Realize that the prosecutors are not going to wake up one day and suddenly believe that Jack had no idea and wasn’t a lookout or a participant in some way.  Even if the prosecutor suspects this could be true, the prosecutor is likely simply to fall back on the position that the factual issue of whether Jack was a participant or not is a decision for the jury to make.  Any uneasiness about the factual situation that the prosecutor feels is likely to be translated into a better offer, but not a dismissal.  In other words, a robbery that the prosecutor might be inclined to look for jail time on, might suddenly become an offer of Youthful Offender Treatment and Probation.  Cynical defense lawyers occasionally refer to this offer as the "innocent kid's offer".

If Jack wants the world to declare him innocent then, he will need to be successful at a trial.  The prosecutor isn't just likely just to give up.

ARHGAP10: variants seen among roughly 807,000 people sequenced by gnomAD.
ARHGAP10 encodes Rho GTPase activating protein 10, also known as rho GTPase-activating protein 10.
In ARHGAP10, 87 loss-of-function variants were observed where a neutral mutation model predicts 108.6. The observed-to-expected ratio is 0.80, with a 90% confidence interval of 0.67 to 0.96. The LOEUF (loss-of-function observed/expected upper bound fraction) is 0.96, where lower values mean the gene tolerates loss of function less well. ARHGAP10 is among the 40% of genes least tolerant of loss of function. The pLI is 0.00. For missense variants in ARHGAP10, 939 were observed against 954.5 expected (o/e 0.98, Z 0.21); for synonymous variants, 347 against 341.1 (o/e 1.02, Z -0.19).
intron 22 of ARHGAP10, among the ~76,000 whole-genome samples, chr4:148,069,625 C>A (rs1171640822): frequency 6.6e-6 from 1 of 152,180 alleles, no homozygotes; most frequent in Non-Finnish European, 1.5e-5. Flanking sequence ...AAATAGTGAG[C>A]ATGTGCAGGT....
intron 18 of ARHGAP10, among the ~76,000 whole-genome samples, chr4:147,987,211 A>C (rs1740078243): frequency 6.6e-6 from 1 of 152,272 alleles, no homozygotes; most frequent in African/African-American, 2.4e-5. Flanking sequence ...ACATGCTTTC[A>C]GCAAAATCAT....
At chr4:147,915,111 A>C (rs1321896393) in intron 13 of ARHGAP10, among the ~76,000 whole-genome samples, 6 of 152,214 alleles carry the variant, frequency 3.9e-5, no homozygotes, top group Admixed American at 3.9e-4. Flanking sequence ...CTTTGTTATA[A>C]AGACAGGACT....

And this is part of what teenagers don’t consider when they focus on their own innocence.  Yes, the system may well work, and in the end they may well be vindicated, but at what cost?  And furthermore, what if the system doesn’t work?  What if a jury thinks he was the lookout?  What then?  

The answer: state prison and a felony criminal record, in all likelihood.

Wouldn’t it be better not to be in that position in the first place?  Wouldn’t it be better NOT to hang around people who are likely to engage in bad behavior?  Wouldn’t it be better to leave a situation where others are engaged in bad behavior?  If Jack simply left the scene as the robbery occurred and called the police himself, he would not likely have been arrested.